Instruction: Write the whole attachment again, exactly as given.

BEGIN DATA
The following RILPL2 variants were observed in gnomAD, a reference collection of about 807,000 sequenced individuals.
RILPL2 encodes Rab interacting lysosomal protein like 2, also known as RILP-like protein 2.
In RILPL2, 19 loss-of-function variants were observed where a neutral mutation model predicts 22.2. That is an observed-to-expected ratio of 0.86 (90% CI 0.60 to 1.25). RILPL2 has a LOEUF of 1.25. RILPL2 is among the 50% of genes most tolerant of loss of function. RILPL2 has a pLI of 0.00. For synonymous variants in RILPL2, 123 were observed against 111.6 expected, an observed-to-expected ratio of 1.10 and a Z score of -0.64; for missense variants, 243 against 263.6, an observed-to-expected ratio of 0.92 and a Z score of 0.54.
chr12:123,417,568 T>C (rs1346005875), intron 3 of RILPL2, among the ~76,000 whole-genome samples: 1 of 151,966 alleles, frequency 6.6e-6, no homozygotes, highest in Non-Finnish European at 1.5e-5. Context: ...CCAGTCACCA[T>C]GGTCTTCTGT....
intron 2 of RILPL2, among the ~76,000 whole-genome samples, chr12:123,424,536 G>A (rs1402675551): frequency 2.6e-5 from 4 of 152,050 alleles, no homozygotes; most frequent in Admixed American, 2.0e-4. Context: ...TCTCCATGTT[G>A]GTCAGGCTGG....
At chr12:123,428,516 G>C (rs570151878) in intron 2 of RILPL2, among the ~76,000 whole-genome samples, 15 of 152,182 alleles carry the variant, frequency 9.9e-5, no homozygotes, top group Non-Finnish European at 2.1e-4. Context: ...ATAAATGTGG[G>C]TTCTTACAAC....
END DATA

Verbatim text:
The following RILPL2 variants were observed in gnomAD, a reference collection of about 807,000 sequenced individuals.
RILPL2 encodes Rab interacting lysosomal protein like 2, also known as RILP-like protein 2.
In RILPL2, 19 loss-of-function variants were observed where a neutral mutation model predicts 22.2. That is an observed-to-expected ratio of 0.86 (90% CI 0.60 to 1.25). RILPL2 has a LOEUF of 1.25. RILPL2 is among the 50% of genes most tolerant of loss of function. RILPL2 has a pLI of 0.00. For synonymous variants in RILPL2, 123 were observed against 111.6 expected, an observed-to-expected ratio of 1.10 and a Z score of -0.64; for missense variants, 243 against 263.6, an observed-to-expected ratio of 0.92 and a Z score of 0.54.
chr12:123,417,568 T>C (rs1346005875), intron 3 of RILPL2, among the ~76,000 whole-genome samples: 1 of 151,966 alleles, frequency 6.6e-6, no homozygotes, highest in Non-Finnish European at 1.5e-5. Context: ...CCAGTCACCA[T>C]GGTCTTCTGT....
intron 2 of RILPL2, among the ~76,000 whole-genome samples, chr12:123,424,536 G>A (rs1402675551): frequency 2.6e-5 from 4 of 152,050 alleles, no homozygotes; most frequent in Admixed American, 2.0e-4. Context: ...TCTCCATGTT[G>A]GTCAGGCTGG....
At chr12:123,428,516 G>C (rs570151878) in intron 2 of RILPL2, among the ~76,000 whole-genome samples, 15 of 152,182 alleles carry the variant, frequency 9.9e-5, no homozygotes, top group Non-Finnish European at 2.1e-4. Context: ...ATAAATGTGG[G>C]TTCTTACAAC....